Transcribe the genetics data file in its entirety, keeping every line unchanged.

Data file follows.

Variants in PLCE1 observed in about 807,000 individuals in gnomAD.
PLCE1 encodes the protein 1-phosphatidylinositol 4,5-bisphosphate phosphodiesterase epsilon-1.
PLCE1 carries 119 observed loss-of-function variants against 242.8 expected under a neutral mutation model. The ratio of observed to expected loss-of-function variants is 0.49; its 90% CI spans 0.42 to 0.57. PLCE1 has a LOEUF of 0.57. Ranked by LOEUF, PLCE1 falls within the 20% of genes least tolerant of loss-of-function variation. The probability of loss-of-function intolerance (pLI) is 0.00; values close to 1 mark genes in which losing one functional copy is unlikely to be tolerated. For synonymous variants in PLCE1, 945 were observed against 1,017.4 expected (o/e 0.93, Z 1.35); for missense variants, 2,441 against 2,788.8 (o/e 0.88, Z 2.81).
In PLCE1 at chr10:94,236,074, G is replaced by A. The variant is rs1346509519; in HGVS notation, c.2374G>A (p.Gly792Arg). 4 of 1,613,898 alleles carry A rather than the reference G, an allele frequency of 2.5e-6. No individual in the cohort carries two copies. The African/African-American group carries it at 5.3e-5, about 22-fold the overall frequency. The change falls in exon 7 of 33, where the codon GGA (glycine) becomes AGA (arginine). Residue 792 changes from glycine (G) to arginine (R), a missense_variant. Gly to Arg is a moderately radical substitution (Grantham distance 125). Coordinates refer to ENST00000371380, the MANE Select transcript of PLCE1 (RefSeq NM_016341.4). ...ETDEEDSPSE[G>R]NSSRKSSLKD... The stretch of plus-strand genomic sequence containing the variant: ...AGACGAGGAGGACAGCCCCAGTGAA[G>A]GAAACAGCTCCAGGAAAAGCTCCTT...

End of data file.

Variants in PLCE1 observed in about 807,000 individuals in gnomAD.
PLCE1 encodes the protein 1-phosphatidylinositol 4,5-bisphosphate phosphodiesterase epsilon-1.
PLCE1 carries 119 observed loss-of-function variants against 242.8 expected under a neutral mutation model. The ratio of observed to expected loss-of-function variants is 0.49; its 90% CI spans 0.42 to 0.57. PLCE1 has a LOEUF of 0.57. Ranked by LOEUF, PLCE1 falls within the 20% of genes least tolerant of loss-of-function variation. The probability of loss-of-function intolerance (pLI) is 0.00; values close to 1 mark genes in which losing one functional copy is unlikely to be tolerated. For synonymous variants in PLCE1, 945 were observed against 1,017.4 expected (o/e 0.93, Z 1.35); for missense variants, 2,441 against 2,788.8 (o/e 0.88, Z 2.81).
In PLCE1 at chr10:94,236,074, G is replaced by A. The variant is rs1346509519; in HGVS notation, c.2374G>A (p.Gly792Arg). 4 of 1,613,898 alleles carry A rather than the reference G, an allele frequency of 2.5e-6. No individual in the cohort carries two copies. The African/African-American group carries it at 5.3e-5, about 22-fold the overall frequency. The change falls in exon 7 of 33, where the codon GGA (glycine) becomes AGA (arginine). Residue 792 changes from glycine (G) to arginine (R), a missense_variant. Gly to Arg is a moderately radical substitution (Grantham distance 125). Coordinates refer to ENST00000371380, the MANE Select transcript of PLCE1 (RefSeq NM_016341.4). ...ETDEEDSPSE[G>R]NSSRKSSLKD... The stretch of plus-strand genomic sequence containing the variant: ...AGACGAGGAGGACAGCCCCAGTGAA[G>A]GAAACAGCTCCAGGAAAAGCTCCTT...